The Magazine of Lenton Local History Society

Lenton Times Issue 8 - May 1993

Society Snips


Geoffrey Oldfield was back in our midst for the first meeting of 1993. He had been invited to come and talk to the Society on the history of Nottingham's Lace Market. Geoffrey is the author of Nottingham Civic Society's latest publication The Lace Market - Nottingham in their 'Get to know Nottingham' series.

He began by looking at the area's early history. The Lace Market area was once the location of Nottingham's Anglian burh - or fortified site. Geoffrey showed us slides which highlighted the extent of the cliff face to be found above Cliff Road and this cliff was the main reason the Anglians chose the spot. Little is known about life in the Anglian burh but by the ninth century it had grown into a small but strategically important town. In the 1960s archaeological excavations at Halifax Place revealed evidence of this settlement. Among the finds were a metal staff boss and a belt buckle that the British Museum would have relished adding to their collection.

Mr Oldfield then quickly moved the story on. A map, reconstructed from various sources by Maurice Barley and I .F. Straw, revealed what the Lace Market area would have looked like c.1800. The gardens and pasture had now been reduced in size when compared with Badder & Peat's earlier map of 1744 pointing to quite a lot of recent building. There was, however, still quite a lot of open space. As with many other English towns, Nottingham experienced a rapid increase in population from the 1750s onwards. With no opportunity to expand, new building had to be contained within existing limits. A fair amount of this took place in the gardens and pastures of the Lace Market area. Many of the gentry, who had previously resided there, preferred to move out of town and into their large mansions came hosiers who not only lived in the properties but also used them for their businesses. A number of these large properties were also demolished in order to make way for industrial premises.

Far greater changes awaited the area in the next century. It was now that the term 'Lace Market' came into use. Once a technique for mechanically producing lace was devised by John Heathcote the industry quickly spread in and around Nottingham. The Lace Market was not so much a place where lace was made as the location for all the finishing processes such as singeing, gassing, mending, bleaching, dyeing and embroidering, plus a base from which the finished product could be despatched to customers. The large mansions were gradually ceded to lace manufacturers by the hosiers and these provided sufficient space for a while. But then in the 1850s two huge lace warehouses were erected. Plumtre House had been demolished and its place Richard Birkin employed T.C. Hine to design him a new building beside a totally new street, Broadway. This was laid between St. Mary's Gate and Stoney Street. Although less than 100 yards long the street was deliberately designed with a curve at its centre, so that when viewed from either end it gave the appearance of a cul-de-sac. This visual trick was conceived as a means to impress customers and Birkin's business associates. The other new lace warehouse was also designed by T.C Hine and built on Stoney Street for Adams and Page. Way ahead of its time the building included such facilities for the workers as a library, schoolroom, tearoom and chapel.

These two warehouses rather set the tone for later developments and with land at a premium the obvious direction for building was up. By 1914 the Lace Market had been built up to such an extent that it remained practically unchanged for the next fifty years. Despite periodic peaks and troughs the demand for lace had remained fairly strong up to the onset of the First World War. Hostilities disrupted the trade and the decline of Nottingham's lace industry can be dated from then. Changes in fashion and the failure to re- establish itself in foreign markets lead to the general closure of many of the Lace Market firms. In their place came businesses with no connection with lace.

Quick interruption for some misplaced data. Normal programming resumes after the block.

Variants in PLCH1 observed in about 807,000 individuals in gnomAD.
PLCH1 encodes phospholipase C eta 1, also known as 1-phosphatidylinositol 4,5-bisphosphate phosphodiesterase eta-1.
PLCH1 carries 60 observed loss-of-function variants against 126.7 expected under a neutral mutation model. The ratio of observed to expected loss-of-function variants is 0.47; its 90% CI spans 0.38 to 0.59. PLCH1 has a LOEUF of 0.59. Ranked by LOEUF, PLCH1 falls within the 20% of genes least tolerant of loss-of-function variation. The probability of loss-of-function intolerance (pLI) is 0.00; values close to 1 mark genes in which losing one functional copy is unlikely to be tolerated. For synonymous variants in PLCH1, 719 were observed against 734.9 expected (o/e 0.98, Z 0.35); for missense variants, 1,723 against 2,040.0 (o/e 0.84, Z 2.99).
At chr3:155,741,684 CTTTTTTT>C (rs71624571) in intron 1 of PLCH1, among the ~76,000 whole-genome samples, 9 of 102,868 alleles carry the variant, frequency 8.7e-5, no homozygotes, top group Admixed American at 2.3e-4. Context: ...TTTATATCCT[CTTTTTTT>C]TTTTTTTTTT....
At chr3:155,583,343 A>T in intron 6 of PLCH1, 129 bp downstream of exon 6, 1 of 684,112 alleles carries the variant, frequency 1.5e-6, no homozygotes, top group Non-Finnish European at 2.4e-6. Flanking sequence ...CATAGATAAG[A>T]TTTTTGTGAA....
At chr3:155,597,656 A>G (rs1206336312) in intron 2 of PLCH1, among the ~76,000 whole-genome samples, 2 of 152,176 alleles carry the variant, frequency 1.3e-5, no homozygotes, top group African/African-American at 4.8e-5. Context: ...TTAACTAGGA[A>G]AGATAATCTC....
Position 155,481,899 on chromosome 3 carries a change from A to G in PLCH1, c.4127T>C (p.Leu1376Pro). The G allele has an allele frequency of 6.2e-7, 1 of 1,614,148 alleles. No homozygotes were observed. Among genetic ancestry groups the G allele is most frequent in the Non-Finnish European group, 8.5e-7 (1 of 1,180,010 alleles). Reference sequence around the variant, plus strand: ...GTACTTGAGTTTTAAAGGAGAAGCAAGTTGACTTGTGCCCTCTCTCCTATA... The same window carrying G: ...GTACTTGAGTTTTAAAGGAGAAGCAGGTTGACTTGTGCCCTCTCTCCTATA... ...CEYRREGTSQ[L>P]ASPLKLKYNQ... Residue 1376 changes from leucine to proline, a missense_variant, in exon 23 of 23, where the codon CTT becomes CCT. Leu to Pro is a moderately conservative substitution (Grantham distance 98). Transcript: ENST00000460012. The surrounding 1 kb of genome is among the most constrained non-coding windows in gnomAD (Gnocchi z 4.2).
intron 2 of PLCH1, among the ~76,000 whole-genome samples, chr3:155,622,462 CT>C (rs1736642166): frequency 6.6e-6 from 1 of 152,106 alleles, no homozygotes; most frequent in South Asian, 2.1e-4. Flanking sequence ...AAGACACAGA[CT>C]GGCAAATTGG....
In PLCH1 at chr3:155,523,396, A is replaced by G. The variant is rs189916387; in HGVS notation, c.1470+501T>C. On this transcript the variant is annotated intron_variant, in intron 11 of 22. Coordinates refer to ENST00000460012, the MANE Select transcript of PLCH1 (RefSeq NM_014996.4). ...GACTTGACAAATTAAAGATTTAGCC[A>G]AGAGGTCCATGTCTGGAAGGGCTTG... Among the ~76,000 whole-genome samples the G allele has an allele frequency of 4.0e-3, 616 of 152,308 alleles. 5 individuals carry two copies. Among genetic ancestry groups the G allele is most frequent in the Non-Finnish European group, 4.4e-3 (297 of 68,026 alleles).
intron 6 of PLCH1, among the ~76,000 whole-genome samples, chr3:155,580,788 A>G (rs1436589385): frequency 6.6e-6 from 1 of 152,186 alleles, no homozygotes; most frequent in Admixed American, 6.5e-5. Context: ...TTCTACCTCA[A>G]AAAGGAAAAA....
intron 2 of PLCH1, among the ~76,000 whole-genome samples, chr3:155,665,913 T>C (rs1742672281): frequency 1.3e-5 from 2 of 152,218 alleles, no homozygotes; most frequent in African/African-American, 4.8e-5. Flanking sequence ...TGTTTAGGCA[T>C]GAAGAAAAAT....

The buildings themselves entered a similar decline and after the Second World War it looked highly likely that the Lace Market would undergo wholesale demolition. As we all know this didn't happen. In the 1960s a national concern was growing about the destruction of many buildings with historic or architectural interest. The government responded by introducing the 'listed building' scheme and by 1972 some 35 buildings or groups of buildings in the Lace Market had received listed status.

Many of these buildings featured in Mr. Oldfield's slides and he concluded the evening by outlining in words and pictures the way in which the area had undergone substantial refurbishment in last twenty years. It proved a most enjoyable and informative evening which may well prompt many in his audience to make their own private tour of the Lace Market in the coming months.


An invaluable source of information for family historians searching for their ancestors, census returns also provide the means to explore changes in the make-up of a local population. Val Clark and Sheila and Ray Howard spoke at our March meeting of the work they have undertaken on the census material for the village of Ruddington.

First instituted in England in 1801 there have been censuses every ten years with the exception of 1941 when the War ruled it out. The first three were not completed in a form that generated individual detail; instead the material was converted directly into various population statistics. It was only with the 1841 returns that the local historian could begin to get excited. A hundred year embargo on the release of personal information applies which means that the 1891 Census is the latest that we are entitled to consult. So the focus of interest for historians such as our three speakers are the set of six censuses between 1841 and 1891.